ENTERTAINMENT & SPORTS
Released: Oct. 1, 1991

Now that the car is no longer the center of our technology, ``What is the new order in the making?'' In the style of Roland Barthes, Blonsky (Semiotics/New School for Social Research) sets out ``to decode a series of American myths,'' and the contents of his interviews with assorted celebrities and thinkers are at once astute and entertaining. Read full book review >
PSYCHOLOGY
Released: Oct. 1, 1991

Impassioned and eloquent, jazz historian Collier (Duke Ellington, 1987; Louis Armstrong: An American Genius, 1983, etc.) here turns a critical eye to the history of self-interest among Americans and its phenomenal growth in recent times. Read full book review >
LOVE, SEX, DEATH, AND THE MAKING OF THE MALE by Rosalind Miles
SOCIAL SCIENCES
Released: Oct. 1, 1991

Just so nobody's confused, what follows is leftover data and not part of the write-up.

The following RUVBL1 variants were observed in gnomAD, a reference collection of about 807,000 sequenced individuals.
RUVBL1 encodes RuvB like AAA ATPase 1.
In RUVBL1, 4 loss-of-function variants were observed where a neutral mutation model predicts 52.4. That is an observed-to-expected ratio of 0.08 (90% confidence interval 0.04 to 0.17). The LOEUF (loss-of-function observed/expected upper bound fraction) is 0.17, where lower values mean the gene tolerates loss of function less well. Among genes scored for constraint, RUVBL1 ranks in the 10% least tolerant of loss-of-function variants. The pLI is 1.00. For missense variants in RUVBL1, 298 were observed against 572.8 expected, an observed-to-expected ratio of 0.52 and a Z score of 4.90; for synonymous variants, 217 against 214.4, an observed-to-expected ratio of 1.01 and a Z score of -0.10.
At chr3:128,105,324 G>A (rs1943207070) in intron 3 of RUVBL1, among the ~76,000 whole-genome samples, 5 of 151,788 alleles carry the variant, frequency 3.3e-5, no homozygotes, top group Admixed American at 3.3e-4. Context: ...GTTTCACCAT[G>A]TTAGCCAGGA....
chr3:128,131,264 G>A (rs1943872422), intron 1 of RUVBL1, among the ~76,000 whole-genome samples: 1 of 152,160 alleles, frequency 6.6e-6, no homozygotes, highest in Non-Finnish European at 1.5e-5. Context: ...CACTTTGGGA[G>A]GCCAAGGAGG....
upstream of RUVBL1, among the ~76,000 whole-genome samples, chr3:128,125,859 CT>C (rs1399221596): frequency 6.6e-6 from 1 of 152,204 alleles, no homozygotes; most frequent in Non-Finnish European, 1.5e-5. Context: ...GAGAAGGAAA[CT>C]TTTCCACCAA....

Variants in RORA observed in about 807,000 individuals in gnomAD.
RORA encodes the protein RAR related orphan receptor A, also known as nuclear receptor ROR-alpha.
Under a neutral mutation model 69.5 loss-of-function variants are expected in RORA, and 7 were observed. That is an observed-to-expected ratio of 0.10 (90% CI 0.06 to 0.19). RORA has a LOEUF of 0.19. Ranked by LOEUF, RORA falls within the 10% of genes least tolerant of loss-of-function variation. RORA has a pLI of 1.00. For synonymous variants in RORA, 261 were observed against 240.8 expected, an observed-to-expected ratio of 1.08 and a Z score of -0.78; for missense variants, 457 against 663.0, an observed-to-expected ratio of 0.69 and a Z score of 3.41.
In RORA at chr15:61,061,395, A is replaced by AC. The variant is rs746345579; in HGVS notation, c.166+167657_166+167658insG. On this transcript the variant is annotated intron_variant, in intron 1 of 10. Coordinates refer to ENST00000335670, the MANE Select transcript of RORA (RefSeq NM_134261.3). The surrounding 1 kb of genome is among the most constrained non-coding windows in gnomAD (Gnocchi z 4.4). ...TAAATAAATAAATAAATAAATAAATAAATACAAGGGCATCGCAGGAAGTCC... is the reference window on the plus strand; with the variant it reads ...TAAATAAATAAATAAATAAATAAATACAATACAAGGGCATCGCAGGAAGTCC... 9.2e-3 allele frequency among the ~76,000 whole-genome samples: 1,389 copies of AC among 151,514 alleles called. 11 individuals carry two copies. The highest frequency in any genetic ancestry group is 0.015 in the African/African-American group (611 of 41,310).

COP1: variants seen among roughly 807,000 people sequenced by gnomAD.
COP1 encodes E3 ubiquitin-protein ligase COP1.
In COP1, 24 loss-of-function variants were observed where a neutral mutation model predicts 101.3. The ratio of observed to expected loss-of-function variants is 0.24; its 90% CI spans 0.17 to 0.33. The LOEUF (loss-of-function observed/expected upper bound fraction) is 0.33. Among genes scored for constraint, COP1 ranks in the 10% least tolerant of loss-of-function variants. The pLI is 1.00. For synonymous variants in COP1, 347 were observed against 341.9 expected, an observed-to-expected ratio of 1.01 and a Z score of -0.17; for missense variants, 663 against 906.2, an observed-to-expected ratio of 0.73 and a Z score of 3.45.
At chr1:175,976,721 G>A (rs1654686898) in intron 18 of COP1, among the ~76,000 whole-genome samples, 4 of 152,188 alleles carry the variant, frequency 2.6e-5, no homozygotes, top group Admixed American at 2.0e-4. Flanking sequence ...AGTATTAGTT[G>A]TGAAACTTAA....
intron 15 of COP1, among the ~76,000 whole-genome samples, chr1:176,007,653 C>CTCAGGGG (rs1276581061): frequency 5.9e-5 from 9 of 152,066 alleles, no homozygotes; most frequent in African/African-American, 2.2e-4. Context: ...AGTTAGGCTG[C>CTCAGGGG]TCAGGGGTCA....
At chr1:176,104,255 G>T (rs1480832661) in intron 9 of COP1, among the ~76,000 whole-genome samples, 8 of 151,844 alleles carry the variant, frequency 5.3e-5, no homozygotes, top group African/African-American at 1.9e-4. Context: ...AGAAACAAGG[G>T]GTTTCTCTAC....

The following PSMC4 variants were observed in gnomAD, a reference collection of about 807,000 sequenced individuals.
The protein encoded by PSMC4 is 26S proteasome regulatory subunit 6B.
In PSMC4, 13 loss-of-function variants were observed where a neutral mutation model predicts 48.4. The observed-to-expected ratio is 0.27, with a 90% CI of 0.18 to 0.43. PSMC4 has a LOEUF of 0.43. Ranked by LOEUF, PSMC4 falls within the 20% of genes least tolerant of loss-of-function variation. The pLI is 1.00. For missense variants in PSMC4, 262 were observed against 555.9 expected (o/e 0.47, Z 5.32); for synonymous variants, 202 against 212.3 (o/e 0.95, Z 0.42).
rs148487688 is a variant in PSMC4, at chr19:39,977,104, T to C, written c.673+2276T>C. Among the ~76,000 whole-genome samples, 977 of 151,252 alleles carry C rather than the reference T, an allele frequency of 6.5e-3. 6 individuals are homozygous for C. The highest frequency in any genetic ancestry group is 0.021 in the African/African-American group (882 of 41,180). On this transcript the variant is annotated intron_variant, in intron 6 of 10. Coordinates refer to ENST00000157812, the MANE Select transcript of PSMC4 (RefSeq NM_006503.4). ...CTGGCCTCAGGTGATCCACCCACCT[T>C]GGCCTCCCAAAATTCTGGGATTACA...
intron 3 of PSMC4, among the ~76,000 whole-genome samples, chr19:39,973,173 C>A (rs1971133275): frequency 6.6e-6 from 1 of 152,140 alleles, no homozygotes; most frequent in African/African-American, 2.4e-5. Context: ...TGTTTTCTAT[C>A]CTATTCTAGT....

"Engaging and fun to read, but for a more subtle study, see Myraim Miedzian's Boys Will Be Boys (p. 587)."
The lurid title suits this swift, wry, anecdotal survey of the pitiful confusion that Miles (The Women's History of the World, 1989; Women and Power, 1986) finds in the lives of adult men: Acculturated largely by women to identify with their penises (which makes them prone to violence), they are, she says, ``dislocated'' by the women's movement, frustrated, angry, and even more violent than historically they have been known to be. Read full book review >
AMERICA AT CENTURY'S END by Alan Wolfe
SOCIAL SCIENCES
Released: Oct. 1, 1991